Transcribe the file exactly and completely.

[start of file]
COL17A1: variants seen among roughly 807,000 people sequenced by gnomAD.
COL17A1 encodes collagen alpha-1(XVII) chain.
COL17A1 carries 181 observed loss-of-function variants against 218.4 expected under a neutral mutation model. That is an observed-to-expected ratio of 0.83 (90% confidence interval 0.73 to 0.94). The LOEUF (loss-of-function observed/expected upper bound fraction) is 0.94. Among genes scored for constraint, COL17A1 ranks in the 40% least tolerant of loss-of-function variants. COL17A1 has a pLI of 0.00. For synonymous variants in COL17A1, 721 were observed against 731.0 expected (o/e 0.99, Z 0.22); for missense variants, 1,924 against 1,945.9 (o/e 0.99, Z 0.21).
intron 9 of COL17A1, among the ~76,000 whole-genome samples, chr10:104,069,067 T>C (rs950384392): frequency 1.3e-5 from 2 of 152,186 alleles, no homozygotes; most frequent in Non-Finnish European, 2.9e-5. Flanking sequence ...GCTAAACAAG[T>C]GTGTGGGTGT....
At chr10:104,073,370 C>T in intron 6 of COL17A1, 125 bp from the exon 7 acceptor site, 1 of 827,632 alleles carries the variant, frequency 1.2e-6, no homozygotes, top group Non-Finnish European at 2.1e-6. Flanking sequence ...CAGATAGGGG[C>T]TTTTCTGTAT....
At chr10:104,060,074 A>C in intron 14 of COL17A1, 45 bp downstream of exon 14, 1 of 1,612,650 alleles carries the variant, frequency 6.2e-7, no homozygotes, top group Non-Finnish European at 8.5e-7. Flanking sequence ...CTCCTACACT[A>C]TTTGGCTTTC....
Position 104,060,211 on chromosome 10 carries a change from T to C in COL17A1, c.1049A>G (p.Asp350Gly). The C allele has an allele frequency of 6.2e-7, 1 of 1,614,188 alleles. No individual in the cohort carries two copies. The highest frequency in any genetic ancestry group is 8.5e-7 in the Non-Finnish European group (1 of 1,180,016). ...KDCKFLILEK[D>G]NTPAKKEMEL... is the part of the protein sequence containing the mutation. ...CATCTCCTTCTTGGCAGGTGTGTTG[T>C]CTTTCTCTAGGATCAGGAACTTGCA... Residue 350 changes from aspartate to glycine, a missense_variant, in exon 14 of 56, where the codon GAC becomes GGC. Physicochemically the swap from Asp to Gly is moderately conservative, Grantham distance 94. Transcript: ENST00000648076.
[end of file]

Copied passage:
COL17A1: variants seen among roughly 807,000 people sequenced by gnomAD.
COL17A1 encodes collagen alpha-1(XVII) chain.
COL17A1 carries 181 observed loss-of-function variants against 218.4 expected under a neutral mutation model. That is an observed-to-expected ratio of 0.83 (90% confidence interval 0.73 to 0.94). The LOEUF (loss-of-function observed/expected upper bound fraction) is 0.94. Among genes scored for constraint, COL17A1 ranks in the 40% least tolerant of loss-of-function variants. COL17A1 has a pLI of 0.00. For synonymous variants in COL17A1, 721 were observed against 731.0 expected (o/e 0.99, Z 0.22); for missense variants, 1,924 against 1,945.9 (o/e 0.99, Z 0.21).
intron 9 of COL17A1, among the ~76,000 whole-genome samples, chr10:104,069,067 T>C (rs950384392): frequency 1.3e-5 from 2 of 152,186 alleles, no homozygotes; most frequent in Non-Finnish European, 2.9e-5. Flanking sequence ...GCTAAACAAG[T>C]GTGTGGGTGT....
At chr10:104,073,370 C>T in intron 6 of COL17A1, 125 bp from the exon 7 acceptor site, 1 of 827,632 alleles carries the variant, frequency 1.2e-6, no homozygotes, top group Non-Finnish European at 2.1e-6. Flanking sequence ...CAGATAGGGG[C>T]TTTTCTGTAT....
At chr10:104,060,074 A>C in intron 14 of COL17A1, 45 bp downstream of exon 14, 1 of 1,612,650 alleles carries the variant, frequency 6.2e-7, no homozygotes, top group Non-Finnish European at 8.5e-7. Flanking sequence ...CTCCTACACT[A>C]TTTGGCTTTC....
Position 104,060,211 on chromosome 10 carries a change from T to C in COL17A1, c.1049A>G (p.Asp350Gly). The C allele has an allele frequency of 6.2e-7, 1 of 1,614,188 alleles. No individual in the cohort carries two copies. The highest frequency in any genetic ancestry group is 8.5e-7 in the Non-Finnish European group (1 of 1,180,016). ...KDCKFLILEK[D>G]NTPAKKEMEL... is the part of the protein sequence containing the mutation. ...CATCTCCTTCTTGGCAGGTGTGTTG[T>C]CTTTCTCTAGGATCAGGAACTTGCA... Residue 350 changes from aspartate to glycine, a missense_variant, in exon 14 of 56, where the codon GAC becomes GGC. Physicochemically the swap from Asp to Gly is moderately conservative, Grantham distance 94. Transcript: ENST00000648076.